acting as your own agent

Who is Your Agent?

When you’re a writer, whether you’ve been published or not…it makes no difference…and you don’t have a literary agent representing you, you are your own agent. You are representing yourself, on your own behalf, always looking out for your own best interests. This is important to understand, especially with so many changes happening in publishing.

This is the wiki definition of a literary agent, here. It’s easier to just link than explain, because that’s not the reason for this post.

For a few brief months in my 20 year writing career, I had a literary agent. It didn’t work out. We parted amicably when I wound up sending her checks at the end of each quarter. I was basically shopping and selling my own work faster than she could get out an e-mail reply. My books were being released faster than she (bless her dear little slow beating heart) could tweet them. And other than that experience, I’ve always acted as my own agent. I’ve made mistakes along the way. I’ve also been lucky enough to have good friends in publishing who can, and have, advised me when I didn’t understand something. But for the most part, I’ve been winging it on my own. And I’ve learned how to think before I act in every single situation I encounter.

The reason I’m writing this post isn’t about me. It’s not about literary agents either. I’m writing it because I’ve heard more than one author in the past six months make statements I’m not sure they understand. Several have said they are releasing their books through Amazon as Kindle e-books. Almost all of them used wording like, “Amazon is acting as my agent.”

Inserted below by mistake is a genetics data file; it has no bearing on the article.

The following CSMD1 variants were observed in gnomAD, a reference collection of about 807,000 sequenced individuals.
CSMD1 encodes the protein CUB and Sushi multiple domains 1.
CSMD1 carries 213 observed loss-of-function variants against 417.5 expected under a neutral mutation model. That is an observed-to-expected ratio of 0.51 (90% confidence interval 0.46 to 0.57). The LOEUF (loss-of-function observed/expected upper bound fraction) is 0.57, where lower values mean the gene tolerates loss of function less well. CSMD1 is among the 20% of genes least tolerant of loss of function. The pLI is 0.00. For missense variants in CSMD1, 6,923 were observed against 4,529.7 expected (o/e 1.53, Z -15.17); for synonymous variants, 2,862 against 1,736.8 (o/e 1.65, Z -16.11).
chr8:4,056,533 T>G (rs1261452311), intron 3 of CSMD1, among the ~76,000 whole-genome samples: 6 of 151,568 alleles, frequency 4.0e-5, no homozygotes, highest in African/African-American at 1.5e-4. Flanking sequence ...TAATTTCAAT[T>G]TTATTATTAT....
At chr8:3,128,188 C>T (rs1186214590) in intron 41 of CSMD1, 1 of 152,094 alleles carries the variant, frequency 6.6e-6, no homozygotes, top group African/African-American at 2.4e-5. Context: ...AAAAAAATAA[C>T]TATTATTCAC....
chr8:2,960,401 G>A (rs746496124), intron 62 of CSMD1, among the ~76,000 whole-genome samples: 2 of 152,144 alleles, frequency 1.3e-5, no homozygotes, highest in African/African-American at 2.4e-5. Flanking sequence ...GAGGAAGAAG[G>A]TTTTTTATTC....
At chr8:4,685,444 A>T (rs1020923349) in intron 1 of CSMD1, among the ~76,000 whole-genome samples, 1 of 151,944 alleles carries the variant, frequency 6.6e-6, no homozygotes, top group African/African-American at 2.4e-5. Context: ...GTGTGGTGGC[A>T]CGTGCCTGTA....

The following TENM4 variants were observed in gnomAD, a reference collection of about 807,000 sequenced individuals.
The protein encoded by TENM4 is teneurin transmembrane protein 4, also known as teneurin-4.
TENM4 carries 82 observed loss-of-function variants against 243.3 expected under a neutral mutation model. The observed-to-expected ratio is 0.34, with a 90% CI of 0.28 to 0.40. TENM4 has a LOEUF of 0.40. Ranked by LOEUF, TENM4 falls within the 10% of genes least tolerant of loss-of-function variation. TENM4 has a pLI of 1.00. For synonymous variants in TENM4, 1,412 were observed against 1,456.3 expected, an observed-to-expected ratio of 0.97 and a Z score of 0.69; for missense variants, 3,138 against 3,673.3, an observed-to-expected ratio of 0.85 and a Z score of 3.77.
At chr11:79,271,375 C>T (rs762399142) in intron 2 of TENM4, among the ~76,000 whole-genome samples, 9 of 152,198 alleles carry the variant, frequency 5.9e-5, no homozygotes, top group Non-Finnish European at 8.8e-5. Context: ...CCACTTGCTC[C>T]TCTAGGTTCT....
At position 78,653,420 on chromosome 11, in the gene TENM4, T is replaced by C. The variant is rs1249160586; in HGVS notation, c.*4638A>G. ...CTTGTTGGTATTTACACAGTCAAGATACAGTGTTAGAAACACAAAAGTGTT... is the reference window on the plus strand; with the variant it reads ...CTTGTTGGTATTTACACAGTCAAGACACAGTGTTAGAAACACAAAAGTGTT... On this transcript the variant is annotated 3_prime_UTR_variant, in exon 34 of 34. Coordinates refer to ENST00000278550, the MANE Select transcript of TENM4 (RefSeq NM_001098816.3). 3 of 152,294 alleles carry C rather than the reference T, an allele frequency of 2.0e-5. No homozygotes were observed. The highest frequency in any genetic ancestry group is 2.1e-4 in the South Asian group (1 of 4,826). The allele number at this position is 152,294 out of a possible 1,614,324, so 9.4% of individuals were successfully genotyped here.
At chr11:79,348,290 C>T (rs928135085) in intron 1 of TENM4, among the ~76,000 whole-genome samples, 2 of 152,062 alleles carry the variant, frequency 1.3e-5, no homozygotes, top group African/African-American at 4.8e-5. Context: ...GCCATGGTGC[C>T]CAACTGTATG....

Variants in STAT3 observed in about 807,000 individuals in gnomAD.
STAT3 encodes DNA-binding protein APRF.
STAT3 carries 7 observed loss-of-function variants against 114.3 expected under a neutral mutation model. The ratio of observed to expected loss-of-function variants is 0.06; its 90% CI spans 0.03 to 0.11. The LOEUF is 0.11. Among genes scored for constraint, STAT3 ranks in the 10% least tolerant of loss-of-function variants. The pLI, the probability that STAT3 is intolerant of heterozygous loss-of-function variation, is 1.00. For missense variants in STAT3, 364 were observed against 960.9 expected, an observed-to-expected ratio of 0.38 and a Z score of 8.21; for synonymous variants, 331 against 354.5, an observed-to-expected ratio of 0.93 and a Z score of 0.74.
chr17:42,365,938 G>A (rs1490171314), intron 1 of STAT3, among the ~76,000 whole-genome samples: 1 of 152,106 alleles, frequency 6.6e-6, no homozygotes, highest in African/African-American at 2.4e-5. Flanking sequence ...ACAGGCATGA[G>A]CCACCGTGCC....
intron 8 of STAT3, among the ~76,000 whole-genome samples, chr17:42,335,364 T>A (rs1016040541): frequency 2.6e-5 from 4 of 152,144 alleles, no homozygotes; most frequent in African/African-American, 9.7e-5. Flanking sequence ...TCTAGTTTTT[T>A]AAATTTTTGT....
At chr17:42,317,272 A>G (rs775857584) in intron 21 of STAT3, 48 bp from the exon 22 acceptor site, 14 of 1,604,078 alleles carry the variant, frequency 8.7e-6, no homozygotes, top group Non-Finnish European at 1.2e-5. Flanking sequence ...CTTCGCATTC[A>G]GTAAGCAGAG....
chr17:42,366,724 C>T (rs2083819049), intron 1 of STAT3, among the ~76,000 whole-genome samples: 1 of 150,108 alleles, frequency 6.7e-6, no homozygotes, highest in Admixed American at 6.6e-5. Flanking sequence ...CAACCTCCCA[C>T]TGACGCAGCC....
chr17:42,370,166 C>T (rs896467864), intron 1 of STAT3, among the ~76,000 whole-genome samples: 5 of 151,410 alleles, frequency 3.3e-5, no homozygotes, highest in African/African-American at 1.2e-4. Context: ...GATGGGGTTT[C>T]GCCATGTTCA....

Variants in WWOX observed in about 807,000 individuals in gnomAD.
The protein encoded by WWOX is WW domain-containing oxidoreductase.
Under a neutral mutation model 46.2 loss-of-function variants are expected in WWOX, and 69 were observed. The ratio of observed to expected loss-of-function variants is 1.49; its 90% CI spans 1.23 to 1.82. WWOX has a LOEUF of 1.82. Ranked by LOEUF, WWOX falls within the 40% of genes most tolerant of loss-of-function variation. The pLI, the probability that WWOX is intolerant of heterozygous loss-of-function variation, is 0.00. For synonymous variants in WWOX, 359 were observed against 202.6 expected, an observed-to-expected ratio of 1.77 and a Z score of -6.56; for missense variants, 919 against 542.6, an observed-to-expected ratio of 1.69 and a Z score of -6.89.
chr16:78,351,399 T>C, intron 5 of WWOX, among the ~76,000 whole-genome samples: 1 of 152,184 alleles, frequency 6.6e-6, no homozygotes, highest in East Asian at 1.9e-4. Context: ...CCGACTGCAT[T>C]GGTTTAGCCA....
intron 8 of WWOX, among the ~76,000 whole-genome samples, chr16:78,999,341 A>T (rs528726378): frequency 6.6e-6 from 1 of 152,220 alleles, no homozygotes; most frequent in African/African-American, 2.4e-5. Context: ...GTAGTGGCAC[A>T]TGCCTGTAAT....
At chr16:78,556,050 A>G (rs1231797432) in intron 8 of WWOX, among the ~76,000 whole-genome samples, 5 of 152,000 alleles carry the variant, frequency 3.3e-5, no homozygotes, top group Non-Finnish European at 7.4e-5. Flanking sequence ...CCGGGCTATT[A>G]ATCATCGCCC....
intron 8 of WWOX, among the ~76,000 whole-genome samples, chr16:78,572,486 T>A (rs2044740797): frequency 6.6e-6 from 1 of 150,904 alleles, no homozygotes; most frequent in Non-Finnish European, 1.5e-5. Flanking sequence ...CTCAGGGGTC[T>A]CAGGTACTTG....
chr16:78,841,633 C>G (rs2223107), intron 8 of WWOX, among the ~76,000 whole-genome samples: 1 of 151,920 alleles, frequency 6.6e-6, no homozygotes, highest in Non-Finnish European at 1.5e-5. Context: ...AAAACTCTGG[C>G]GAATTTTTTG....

I’m all for what Amazon is doing for authors. Amazon is empowering them and giving them chances the so-called “gatekeepers” would never have done. And almost every author I know is now taking advantage of this opportunity, as they should. But Amazon is not acting as an author agent. Amazon is looking out for their own best interests, and that’s what the author should be doing, too.

There are many books and web sites out there that discuss self-publishing or Indie Publishing, whichever you prefer. There are also books and web sites that help unagented authors. I’ve learned a lot just by reading literary agent blogs in the past ten years. But it’s important to understand that if you don’t have a professional literary agent looking out for you, you’d better be looking out for yourself. And you’d better start learning how to do that. It’s just as important with Indie Publishing, digital release first publishing, and e-publishing in general as it’s always been with “traditional” publishing.